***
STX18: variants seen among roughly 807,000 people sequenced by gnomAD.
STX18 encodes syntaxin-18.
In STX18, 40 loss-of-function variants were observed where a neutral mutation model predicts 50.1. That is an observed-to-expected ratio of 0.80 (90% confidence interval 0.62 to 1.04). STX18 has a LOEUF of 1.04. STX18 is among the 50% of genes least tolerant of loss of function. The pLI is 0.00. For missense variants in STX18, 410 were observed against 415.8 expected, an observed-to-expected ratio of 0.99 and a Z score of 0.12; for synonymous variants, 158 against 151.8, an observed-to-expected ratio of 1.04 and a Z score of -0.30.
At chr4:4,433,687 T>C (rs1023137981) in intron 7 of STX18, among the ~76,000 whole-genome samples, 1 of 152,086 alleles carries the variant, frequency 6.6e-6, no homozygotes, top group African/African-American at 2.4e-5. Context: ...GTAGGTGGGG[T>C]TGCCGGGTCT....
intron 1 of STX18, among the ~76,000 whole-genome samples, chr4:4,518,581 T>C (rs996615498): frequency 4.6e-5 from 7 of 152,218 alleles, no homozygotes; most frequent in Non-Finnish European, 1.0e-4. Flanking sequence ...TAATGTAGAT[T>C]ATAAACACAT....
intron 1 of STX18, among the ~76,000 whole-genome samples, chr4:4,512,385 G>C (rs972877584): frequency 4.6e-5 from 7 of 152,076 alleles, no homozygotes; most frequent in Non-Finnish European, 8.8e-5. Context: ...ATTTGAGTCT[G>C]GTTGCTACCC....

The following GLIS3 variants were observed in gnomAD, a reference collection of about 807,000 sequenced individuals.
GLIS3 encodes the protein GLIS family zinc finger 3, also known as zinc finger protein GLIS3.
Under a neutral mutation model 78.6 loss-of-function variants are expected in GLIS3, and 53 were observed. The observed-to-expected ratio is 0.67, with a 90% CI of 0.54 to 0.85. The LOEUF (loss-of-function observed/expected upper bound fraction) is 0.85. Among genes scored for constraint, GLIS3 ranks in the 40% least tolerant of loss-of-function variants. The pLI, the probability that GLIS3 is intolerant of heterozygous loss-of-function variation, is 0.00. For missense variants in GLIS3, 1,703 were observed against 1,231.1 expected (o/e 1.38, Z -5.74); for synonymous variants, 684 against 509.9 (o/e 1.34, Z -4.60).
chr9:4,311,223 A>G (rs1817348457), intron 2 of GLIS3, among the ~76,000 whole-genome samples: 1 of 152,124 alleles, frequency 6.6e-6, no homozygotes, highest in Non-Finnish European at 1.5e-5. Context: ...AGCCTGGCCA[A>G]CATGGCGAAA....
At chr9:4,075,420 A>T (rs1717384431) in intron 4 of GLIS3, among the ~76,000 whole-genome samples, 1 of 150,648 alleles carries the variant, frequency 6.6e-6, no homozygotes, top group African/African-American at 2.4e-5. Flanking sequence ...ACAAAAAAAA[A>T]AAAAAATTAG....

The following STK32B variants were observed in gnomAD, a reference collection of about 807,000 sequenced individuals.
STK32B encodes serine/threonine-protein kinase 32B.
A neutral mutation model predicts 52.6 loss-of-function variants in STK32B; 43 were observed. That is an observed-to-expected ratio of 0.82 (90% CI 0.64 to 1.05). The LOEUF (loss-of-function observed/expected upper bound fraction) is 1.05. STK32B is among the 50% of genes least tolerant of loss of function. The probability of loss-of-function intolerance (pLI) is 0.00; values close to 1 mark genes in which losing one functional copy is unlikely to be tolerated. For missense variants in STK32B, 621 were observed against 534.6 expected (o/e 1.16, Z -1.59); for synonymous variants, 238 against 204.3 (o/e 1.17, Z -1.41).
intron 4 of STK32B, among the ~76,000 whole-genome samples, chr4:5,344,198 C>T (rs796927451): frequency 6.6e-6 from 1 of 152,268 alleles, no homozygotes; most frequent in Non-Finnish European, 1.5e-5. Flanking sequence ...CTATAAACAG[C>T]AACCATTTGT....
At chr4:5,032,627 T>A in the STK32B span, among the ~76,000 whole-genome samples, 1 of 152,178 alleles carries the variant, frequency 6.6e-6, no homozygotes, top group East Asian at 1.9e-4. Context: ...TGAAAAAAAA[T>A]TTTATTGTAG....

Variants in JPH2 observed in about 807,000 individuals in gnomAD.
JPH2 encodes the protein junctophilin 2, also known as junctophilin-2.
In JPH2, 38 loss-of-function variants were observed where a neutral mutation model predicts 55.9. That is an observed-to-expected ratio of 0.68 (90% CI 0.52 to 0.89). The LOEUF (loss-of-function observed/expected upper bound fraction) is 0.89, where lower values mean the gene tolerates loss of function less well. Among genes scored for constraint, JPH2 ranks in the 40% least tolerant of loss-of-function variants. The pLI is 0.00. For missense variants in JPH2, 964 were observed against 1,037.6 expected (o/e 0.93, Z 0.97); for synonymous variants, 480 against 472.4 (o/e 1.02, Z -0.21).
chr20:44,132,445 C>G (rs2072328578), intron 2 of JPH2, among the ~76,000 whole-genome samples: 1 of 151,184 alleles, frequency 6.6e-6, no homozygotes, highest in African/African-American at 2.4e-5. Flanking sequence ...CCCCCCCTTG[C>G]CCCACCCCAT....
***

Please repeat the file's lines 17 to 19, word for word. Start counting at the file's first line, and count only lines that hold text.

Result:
Variants in JPH2 observed in about 807,000 individuals in gnomAD.
JPH2 encodes the protein junctophilin 2, also known as junctophilin-2.
In JPH2, 38 loss-of-function variants were observed where a neutral mutation model predicts 55.9. That is an observed-to-expected ratio of 0.68 (90% CI 0.52 to 0.89). The LOEUF (loss-of-function observed/expected upper bound fraction) is 0.89, where lower values mean the gene tolerates loss of function less well. Among genes scored for constraint, JPH2 ranks in the 40% least tolerant of loss-of-function variants. The pLI is 0.00. For missense variants in JPH2, 964 were observed against 1,037.6 expected (o/e 0.93, Z 0.97); for synonymous variants, 480 against 472.4 (o/e 1.02, Z -0.21).